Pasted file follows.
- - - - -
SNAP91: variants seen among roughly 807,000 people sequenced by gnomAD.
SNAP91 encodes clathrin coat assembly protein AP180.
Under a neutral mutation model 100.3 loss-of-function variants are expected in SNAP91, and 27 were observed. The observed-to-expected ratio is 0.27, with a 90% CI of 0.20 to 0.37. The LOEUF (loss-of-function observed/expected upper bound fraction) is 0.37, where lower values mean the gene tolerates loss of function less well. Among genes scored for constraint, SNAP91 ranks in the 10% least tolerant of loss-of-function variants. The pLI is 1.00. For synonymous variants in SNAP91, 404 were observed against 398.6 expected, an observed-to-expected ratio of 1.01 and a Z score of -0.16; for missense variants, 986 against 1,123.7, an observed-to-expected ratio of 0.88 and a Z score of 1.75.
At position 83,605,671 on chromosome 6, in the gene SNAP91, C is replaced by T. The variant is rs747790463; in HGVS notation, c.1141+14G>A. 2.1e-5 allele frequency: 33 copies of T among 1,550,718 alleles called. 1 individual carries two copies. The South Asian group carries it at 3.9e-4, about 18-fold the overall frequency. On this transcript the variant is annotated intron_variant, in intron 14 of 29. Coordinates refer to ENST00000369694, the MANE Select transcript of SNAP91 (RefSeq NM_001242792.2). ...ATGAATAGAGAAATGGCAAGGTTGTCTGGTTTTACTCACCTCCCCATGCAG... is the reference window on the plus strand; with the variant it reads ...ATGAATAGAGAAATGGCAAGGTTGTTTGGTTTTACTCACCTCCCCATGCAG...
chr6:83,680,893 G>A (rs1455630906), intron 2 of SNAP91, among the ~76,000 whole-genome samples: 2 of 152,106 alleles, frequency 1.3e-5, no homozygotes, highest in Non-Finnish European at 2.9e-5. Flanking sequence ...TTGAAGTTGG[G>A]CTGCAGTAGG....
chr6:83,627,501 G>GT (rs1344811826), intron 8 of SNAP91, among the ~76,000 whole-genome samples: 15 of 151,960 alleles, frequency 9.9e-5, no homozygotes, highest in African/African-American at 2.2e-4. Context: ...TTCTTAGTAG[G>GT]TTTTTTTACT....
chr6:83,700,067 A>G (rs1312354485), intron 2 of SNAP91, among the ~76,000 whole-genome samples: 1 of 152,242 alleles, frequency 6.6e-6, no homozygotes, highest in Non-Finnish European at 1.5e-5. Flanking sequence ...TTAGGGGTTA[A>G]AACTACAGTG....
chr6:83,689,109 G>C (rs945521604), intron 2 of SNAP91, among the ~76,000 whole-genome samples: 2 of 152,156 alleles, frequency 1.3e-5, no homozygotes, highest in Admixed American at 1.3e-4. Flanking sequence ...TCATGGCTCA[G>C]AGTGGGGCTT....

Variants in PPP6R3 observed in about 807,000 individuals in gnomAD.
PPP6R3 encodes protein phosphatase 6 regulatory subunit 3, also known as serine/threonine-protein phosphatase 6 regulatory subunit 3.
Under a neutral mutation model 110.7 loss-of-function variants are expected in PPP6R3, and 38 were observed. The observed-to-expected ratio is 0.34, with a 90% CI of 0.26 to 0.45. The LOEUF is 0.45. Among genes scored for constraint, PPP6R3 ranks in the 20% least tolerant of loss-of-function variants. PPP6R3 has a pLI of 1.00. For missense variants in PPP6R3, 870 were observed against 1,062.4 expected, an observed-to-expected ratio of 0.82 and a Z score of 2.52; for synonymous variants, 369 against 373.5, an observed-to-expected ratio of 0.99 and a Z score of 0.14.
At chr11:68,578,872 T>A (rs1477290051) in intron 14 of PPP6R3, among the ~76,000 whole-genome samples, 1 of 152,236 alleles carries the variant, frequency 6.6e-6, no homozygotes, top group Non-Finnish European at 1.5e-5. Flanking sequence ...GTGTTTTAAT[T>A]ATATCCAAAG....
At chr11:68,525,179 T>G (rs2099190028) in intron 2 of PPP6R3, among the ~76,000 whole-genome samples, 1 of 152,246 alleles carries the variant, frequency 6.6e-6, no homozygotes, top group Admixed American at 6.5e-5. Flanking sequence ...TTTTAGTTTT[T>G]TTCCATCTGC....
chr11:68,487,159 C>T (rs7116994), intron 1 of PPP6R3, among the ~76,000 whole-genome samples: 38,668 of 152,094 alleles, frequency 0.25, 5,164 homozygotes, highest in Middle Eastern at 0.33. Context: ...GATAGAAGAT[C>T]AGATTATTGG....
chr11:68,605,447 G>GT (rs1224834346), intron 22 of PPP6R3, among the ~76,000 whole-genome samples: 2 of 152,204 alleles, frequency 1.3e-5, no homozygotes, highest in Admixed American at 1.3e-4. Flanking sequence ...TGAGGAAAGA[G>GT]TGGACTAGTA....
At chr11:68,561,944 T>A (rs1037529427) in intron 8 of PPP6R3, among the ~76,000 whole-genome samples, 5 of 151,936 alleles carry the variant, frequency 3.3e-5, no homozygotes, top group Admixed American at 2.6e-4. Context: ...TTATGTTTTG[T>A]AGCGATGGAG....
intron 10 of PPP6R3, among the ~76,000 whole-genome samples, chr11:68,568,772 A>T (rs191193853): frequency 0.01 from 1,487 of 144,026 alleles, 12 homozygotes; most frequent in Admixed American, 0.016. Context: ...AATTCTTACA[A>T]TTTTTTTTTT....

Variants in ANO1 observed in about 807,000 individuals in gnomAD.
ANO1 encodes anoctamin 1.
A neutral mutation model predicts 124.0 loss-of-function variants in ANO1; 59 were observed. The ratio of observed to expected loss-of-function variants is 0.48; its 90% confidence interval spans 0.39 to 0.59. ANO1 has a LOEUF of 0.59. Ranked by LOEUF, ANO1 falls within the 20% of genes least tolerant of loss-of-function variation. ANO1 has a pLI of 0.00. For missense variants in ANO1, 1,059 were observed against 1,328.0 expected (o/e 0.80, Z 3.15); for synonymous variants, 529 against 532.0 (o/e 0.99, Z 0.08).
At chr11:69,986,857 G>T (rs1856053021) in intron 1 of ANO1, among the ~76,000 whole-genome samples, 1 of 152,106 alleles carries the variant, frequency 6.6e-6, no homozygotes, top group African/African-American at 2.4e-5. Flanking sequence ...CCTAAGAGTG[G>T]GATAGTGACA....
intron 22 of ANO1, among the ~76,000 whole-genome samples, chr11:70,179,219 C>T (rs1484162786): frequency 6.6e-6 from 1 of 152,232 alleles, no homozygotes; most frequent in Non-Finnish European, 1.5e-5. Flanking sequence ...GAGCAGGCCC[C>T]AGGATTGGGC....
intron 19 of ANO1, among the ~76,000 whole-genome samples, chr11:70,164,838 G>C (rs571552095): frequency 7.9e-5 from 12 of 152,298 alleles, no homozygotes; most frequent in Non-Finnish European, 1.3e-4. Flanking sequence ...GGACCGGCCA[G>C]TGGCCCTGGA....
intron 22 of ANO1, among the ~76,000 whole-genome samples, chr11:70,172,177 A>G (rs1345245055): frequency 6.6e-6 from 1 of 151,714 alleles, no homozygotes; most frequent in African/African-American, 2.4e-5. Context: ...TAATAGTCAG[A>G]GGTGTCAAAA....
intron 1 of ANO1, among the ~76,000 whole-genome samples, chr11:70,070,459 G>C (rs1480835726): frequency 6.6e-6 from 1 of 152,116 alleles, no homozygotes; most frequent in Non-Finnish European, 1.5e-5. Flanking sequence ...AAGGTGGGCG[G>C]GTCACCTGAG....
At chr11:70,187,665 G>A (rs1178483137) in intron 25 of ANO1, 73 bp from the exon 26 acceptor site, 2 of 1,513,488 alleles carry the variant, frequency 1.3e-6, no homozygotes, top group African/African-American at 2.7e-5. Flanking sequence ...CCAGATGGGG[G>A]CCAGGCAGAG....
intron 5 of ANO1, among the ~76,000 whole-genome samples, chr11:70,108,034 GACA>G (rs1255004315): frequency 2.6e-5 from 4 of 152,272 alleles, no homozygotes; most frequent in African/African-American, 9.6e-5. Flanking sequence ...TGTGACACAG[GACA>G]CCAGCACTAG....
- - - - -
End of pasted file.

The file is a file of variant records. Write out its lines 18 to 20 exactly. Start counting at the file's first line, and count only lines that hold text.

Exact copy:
Variants in ANO1 observed in about 807,000 individuals in gnomAD.
ANO1 encodes anoctamin 1.
A neutral mutation model predicts 124.0 loss-of-function variants in ANO1; 59 were observed. The ratio of observed to expected loss-of-function variants is 0.48; its 90% confidence interval spans 0.39 to 0.59. ANO1 has a LOEUF of 0.59. Ranked by LOEUF, ANO1 falls within the 20% of genes least tolerant of loss-of-function variation. ANO1 has a pLI of 0.00. For missense variants in ANO1, 1,059 were observed against 1,328.0 expected (o/e 0.80, Z 3.15); for synonymous variants, 529 against 532.0 (o/e 0.99, Z 0.08).